Dale Whaley
Assistant Professor

Whaley, D.*1,
1 Assistant Professor, WASHINGTON STATE UNIVERSITY EXTENSION, Waterville, WA, 98858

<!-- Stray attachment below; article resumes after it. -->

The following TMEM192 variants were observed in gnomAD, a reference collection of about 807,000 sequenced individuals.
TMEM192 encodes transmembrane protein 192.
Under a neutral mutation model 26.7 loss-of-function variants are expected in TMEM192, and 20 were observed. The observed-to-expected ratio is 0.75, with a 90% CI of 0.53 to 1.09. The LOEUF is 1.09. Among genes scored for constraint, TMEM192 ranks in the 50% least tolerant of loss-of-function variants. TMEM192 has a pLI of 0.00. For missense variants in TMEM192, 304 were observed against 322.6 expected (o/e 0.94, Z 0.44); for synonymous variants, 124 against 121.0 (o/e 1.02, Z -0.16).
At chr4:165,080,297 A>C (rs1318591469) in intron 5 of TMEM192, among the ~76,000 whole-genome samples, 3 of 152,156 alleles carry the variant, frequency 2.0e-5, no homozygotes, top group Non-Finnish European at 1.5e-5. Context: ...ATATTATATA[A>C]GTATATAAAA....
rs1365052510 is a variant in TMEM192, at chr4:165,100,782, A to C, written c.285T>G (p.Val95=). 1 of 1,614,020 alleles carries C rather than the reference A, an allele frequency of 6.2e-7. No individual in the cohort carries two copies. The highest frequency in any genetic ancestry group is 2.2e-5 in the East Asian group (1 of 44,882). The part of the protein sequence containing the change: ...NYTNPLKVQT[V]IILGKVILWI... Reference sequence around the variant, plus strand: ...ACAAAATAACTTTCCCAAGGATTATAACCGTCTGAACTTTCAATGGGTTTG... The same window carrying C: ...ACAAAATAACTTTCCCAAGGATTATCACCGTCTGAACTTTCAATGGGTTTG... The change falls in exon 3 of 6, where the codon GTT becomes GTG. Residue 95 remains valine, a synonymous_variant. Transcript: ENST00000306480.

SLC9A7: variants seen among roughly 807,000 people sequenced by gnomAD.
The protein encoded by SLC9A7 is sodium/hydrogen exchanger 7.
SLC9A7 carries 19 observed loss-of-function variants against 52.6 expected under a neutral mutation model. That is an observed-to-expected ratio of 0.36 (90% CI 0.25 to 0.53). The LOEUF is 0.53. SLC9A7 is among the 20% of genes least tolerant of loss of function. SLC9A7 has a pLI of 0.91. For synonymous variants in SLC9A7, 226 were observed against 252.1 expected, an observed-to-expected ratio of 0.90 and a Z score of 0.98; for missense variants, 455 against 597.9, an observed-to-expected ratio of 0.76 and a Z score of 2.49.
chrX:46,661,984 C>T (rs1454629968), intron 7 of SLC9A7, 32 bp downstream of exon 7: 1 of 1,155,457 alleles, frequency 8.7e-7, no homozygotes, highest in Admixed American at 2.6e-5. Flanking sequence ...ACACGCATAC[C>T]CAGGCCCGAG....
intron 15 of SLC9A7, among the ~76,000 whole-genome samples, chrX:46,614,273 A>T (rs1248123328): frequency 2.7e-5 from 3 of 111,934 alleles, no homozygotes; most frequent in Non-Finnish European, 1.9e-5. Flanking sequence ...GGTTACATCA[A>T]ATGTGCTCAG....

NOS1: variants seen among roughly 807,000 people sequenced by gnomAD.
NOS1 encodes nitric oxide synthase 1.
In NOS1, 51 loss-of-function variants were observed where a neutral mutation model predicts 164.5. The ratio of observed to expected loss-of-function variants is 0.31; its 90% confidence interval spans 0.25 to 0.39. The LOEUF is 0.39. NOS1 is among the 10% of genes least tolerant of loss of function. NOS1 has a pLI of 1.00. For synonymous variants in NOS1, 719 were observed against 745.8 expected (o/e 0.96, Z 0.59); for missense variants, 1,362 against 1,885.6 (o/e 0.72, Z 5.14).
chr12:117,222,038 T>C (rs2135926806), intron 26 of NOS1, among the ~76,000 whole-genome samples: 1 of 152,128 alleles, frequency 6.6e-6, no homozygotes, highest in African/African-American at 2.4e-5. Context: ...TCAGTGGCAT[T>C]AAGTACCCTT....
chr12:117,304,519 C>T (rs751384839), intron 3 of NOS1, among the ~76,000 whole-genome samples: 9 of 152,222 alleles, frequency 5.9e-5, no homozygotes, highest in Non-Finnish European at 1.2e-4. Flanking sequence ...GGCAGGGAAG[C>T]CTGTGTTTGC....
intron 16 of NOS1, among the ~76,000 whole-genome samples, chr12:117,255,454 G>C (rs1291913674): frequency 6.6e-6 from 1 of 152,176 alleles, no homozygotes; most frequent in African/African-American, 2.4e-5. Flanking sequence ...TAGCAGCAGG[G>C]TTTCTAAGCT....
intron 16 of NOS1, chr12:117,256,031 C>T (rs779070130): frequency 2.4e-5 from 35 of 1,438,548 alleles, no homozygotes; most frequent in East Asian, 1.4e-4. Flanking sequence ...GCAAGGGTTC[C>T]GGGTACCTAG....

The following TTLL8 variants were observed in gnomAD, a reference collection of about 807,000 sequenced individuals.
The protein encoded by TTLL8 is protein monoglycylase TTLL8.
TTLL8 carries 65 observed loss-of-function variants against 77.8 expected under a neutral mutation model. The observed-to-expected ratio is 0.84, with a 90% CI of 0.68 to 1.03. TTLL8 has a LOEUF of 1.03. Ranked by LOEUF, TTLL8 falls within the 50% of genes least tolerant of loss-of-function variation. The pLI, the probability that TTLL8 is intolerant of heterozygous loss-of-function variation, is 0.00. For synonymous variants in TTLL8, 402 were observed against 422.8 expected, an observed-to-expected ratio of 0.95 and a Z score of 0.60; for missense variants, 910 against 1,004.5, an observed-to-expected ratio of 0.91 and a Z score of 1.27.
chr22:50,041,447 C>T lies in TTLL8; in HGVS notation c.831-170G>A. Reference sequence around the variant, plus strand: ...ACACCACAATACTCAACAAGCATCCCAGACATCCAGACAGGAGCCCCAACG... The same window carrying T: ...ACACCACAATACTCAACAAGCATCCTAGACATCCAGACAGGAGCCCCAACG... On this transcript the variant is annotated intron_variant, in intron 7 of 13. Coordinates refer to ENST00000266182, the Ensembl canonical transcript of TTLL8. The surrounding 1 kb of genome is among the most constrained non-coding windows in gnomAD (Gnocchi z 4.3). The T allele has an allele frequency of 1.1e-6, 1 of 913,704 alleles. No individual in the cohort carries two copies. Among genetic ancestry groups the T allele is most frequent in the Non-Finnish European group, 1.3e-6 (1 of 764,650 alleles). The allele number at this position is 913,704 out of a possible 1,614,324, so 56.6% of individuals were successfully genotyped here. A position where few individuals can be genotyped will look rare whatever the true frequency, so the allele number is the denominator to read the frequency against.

The Hessian fly Mayetiola destructor (Say) (Figure 1), is considered one of the oldest and most damaging insect pests to wheat (Triticum spp. L.). Originally from Asia, it is believed to have been introduced in straw bedding used by Hessian troops during the Revolutionary War, hence its name. From this initial introduction in the Long Island, New York area, the fly quickly spread from farm to farm, destroying entire wheat fields (Pauly 2002). Since then, this pest can be found throughout major wheat-producing regions in both the United States and Canada. Here in Washington State, a wheat pest survey conducted in 2015 detected Hessian fly densities in Adams, Stevens, and Whitman counties at levels below economic thresholds. Even though it was detected in small numbers, producers should be able to recognize this pest, know how to sample for it, and manage it when or if outbreak numbers are detected. However, in 2017, pest numbers were detected in high numbers, resulting in economic damage around the Ritzville area.